Rainfall was favorable for plant growth during the 1992-1993 season, as indicated by the yields on the best site — 8,256 and 3,552 pounds dry forage per acre (table 3). Yet grasses on the poorest site of this sampling produced only 384 pounds, while the medics yielded 2,592 pounds, nearly 7 times more high-protein forage. Yield differences between medics and grasses ranged from 2,208 pounds for this poor site on a hilltop up to 4,800 pounds for Site 1.
From observations made during drought years, it appeared that the percentage increase in forage production due to medics was at least as great then as in 1992-1993. The increase in pounds of forage per acre, however, was less than during the wetter year.
Perhaps more important, protein content of medic forage is higher than in annual grasses, especially after the grasses have headed out. In addition, medic seed pods, which are usually produced in abundance, are more palatable to livestock and provide more energy and protein than dry grasses during the summer. Local livestock managers are familiar with the nutritional value of resident annual medics such as bur clover. This benefit can be extended to many rangelands of neutral to basic pH in California by planting drought-tolerant medics where rainfall is too low for resident bur clovers.
Above, drill-seeded medics on Camatta Ranch in 1991. The bur and barrel medics were productive and persisted throughout the 12-year study. Right, a medic mix was drill-seeded in barley stubble. Grain or hay stubble provides a good seedbed for establishing medics.
Although livestock were excluded after the 1985-86 season from the CRP field where the first two trials were located, drill seedings included fields that were grazed every year. One small field included a portable corral and was heavily grazed by cattle. Medics, especially Serena bur medic, persisted as well here as in the CRP field, and the ground is covered with medic seed pods at the beginning of each summer. On many range sites, grazing is necessary for medic stands to remain productive because competing grasses and weeds will otherwise dominate due to a buildup of soil nitrogen from nitrogen fixation by the medics.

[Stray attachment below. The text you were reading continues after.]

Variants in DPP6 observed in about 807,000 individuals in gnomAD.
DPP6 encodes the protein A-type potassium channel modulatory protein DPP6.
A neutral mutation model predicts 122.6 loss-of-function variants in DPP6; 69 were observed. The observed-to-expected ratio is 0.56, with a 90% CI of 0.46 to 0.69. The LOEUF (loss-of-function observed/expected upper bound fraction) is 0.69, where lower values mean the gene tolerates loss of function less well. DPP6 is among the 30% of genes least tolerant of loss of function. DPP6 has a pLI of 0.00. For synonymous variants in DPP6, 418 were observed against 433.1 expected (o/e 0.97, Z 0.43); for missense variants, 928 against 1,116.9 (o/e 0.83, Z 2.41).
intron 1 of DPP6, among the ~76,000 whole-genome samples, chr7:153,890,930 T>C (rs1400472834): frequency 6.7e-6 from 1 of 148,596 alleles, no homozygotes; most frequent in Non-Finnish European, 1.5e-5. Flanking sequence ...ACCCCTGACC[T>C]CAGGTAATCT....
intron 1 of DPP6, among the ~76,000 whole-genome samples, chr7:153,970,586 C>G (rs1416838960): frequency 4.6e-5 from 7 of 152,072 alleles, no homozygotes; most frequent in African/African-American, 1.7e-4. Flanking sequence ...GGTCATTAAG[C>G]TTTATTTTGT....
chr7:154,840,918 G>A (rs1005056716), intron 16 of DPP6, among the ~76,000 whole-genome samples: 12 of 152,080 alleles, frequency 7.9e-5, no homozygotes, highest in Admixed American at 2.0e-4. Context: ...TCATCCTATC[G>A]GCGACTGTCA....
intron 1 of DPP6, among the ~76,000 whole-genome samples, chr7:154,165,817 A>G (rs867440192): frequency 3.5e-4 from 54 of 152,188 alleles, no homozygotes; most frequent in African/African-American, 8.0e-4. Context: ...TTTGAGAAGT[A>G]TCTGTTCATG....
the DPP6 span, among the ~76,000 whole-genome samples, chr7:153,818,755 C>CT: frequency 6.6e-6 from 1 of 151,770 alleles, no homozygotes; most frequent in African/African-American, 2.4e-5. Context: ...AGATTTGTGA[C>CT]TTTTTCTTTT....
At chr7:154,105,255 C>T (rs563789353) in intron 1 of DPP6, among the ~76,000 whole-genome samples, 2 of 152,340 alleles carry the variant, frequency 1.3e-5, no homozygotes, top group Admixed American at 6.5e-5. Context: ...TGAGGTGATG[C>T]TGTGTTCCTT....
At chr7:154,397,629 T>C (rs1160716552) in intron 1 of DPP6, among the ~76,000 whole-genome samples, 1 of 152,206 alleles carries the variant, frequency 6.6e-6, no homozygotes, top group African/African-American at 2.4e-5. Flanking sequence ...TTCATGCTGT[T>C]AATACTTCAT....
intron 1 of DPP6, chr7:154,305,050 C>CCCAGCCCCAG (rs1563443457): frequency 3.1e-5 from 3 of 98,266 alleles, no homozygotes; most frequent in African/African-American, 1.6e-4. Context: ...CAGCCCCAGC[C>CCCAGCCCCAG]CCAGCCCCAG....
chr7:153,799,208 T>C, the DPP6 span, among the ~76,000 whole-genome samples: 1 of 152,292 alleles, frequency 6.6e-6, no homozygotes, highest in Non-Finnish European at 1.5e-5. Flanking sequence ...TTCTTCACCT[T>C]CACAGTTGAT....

A survival characteristic of annual medics and many other annual legumes is their ability to regenerate from seed even after years of adverse weather conditions. This is due to abundant seed production and the presence of a high percentage of hard seeds, which remain dormant for 1 or more years before germinating.
An example of this survivability is a grain field near Cholame that was planted to a 6-pound mix of Jemalong barrel medic and Hykon rose clover in the fall of 1971. Because this was in a low-rainfall area with high pH soils, similar to the Camatta Ranch, only the medic survived and improved year by
This time the medic stand became dense and, when forage plots were clipped in April 1983 — a high-rainfall year — dry matter weighed 5,875 pounds per acre. The ley farming treatment had apparently improved the medics. In 1984, the medic seed reserve in the soil was sampled and estimated to be 500 pounds per acre; not a bad return on the few pounds per acre that were seeded in 1971. In 1997, the field is still in medics and is grazed by dairy replacement heifers.
Medics survive test of time
In areas with as little as 7 to 8 inches of rainfall per year and soils with a neutral to basic pH, seedings of annual barrel and bur medics have survived the test of time — from 12 to 26 years. Annual yields of forage and seed have varied with rainfall amount and pattern, but high-yielding stands continue to be produced during favorable years. Forage production is much higher than in surrounding unseeded areas, even though no fertilizer was applied to any of the seedings after the first year. Medics persisted with or without grazing and, in at least one case, when land was farmed to grain between years of grazing. Improvements in quality and quantity of range forage can be extended to many rangelands of California by planting drought-tolerant annual medics where rainfall is too low for resident bur clovers.
TABLE 3 Camatta Dry Matter Yield Comparisons: 1985 drill-seeded medic strips (approximately 8 lb of medic seed and 100 lb of 0-25-0-10 fertilizer per acre) versus resident annual grasses next to drill strips. Clipped in plots 1-foot square May 4, 1993, weighed after air drying.